There is a growing trend for companies to exhibit a social conscience in today's business world and make meaningful contributions to their communities and customer base, putting people before profits.
Throughout corporate Australia, many businesses today play a significant role in giving back to their communities, large or small, by behaving ethically and being mindful of their responsibilities – social, economic, and environmental. There are also many professional service firms that do an enormous amount of good in their local communities, freely giving their time, money, and resources to improve the lives of others.
Profit vs people
The emergence of the massive hi-tech companies dominating our business and social landscape has brought into question their profit vs people philosophy. Whilst we hear about what great employers of choice they are, how they provide enormous benefits to their employees and families, we also frequently read about their embarrassingly high profits and the astronomical growth in their share prices.
However, do you ever see Google sponsoring a local footy team or community organisation? Do we see Facebook offering grants to community and charity organisations to make our state or country a better place? Does Instagram or Snapchat offer scholarships or fund the charities that support those damaged by the bullies on their digital platforms.
Now don't get me wrong; I accept that Google and Facebook give a lot globally to relief efforts and humanitarian crises. And I acknowledge the generosity of Mark Zuckerberg and Priscilla Chan in giving billions away to charity – my beef is the lack of support at a grassroots or community level, which is the heartland of their user base.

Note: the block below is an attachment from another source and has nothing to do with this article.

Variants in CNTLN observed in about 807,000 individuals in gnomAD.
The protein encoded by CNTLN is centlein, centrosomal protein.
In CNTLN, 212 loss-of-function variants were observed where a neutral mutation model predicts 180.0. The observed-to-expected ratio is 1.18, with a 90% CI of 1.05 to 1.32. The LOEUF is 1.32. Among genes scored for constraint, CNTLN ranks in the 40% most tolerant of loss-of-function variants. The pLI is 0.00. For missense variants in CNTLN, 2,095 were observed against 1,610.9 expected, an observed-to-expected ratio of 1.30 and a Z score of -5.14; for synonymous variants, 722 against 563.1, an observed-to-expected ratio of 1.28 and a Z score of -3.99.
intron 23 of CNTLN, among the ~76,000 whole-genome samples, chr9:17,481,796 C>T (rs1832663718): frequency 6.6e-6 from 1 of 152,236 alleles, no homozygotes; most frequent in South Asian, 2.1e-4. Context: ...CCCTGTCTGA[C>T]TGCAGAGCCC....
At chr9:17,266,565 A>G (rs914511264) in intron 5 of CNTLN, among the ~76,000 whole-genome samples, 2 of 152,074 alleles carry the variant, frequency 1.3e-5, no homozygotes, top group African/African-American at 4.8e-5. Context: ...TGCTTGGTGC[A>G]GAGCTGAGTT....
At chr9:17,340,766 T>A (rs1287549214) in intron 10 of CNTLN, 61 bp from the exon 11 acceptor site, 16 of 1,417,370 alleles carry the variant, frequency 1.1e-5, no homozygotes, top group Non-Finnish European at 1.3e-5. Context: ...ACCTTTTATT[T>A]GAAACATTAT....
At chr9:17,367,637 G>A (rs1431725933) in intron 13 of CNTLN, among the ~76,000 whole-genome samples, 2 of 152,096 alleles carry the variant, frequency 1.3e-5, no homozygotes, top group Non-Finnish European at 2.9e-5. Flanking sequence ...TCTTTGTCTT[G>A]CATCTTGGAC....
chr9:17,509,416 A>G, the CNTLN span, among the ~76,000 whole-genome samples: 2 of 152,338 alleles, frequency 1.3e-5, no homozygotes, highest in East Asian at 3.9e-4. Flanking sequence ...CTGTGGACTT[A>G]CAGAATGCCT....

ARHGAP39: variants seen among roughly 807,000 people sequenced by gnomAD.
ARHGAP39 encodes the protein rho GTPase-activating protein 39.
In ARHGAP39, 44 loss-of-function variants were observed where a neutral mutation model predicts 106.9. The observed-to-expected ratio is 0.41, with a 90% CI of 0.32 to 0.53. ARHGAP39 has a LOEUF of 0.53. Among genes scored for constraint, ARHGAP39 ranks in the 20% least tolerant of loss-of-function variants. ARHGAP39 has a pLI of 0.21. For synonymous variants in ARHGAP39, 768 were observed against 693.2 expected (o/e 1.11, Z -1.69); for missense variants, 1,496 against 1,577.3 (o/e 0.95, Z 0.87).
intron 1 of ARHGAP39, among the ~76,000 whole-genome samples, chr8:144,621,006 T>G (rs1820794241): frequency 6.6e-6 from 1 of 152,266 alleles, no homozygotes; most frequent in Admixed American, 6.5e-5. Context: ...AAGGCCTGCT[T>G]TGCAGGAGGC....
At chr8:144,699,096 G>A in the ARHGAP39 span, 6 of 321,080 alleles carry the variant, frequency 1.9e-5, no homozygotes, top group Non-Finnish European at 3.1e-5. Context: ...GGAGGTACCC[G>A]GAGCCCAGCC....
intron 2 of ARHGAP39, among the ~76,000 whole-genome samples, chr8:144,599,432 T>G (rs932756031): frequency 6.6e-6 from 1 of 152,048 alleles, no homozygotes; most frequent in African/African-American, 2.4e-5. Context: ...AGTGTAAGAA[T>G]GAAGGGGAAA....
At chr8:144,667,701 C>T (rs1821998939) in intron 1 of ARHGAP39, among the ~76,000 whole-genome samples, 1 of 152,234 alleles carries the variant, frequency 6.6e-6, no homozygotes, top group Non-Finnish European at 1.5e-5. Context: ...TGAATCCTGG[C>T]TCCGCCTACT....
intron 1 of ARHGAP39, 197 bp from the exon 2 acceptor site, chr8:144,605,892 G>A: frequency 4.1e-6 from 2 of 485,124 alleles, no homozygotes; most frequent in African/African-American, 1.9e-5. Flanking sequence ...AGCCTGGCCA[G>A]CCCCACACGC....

I find it somewhat ironic that even alcohol and betting companies, who make their profits from providing goods and services that have well known negative side effects, will go out of their way to give back to the communities in which their reckless pursuit of increased market share has left a legacy of wastewater in a desperate and addicted quagmire.
At least alcohol and tobacco companies pay some tax in the areas in which they reap their profits compared to the global digital corporations who shift profits to low or no-tax jurisdictions for no reason other than increasing shareholder return and driving growth.
How could any corporate executive in these organisations argue that such a practice is consistent with a sense of social responsibility? Why shouldn't there be a level playing field with every corporation required to bank profits in the jurisdiction in which they earn them? At least in that way, all corporations are making some positive contribution to the communities in which they peddle their wares.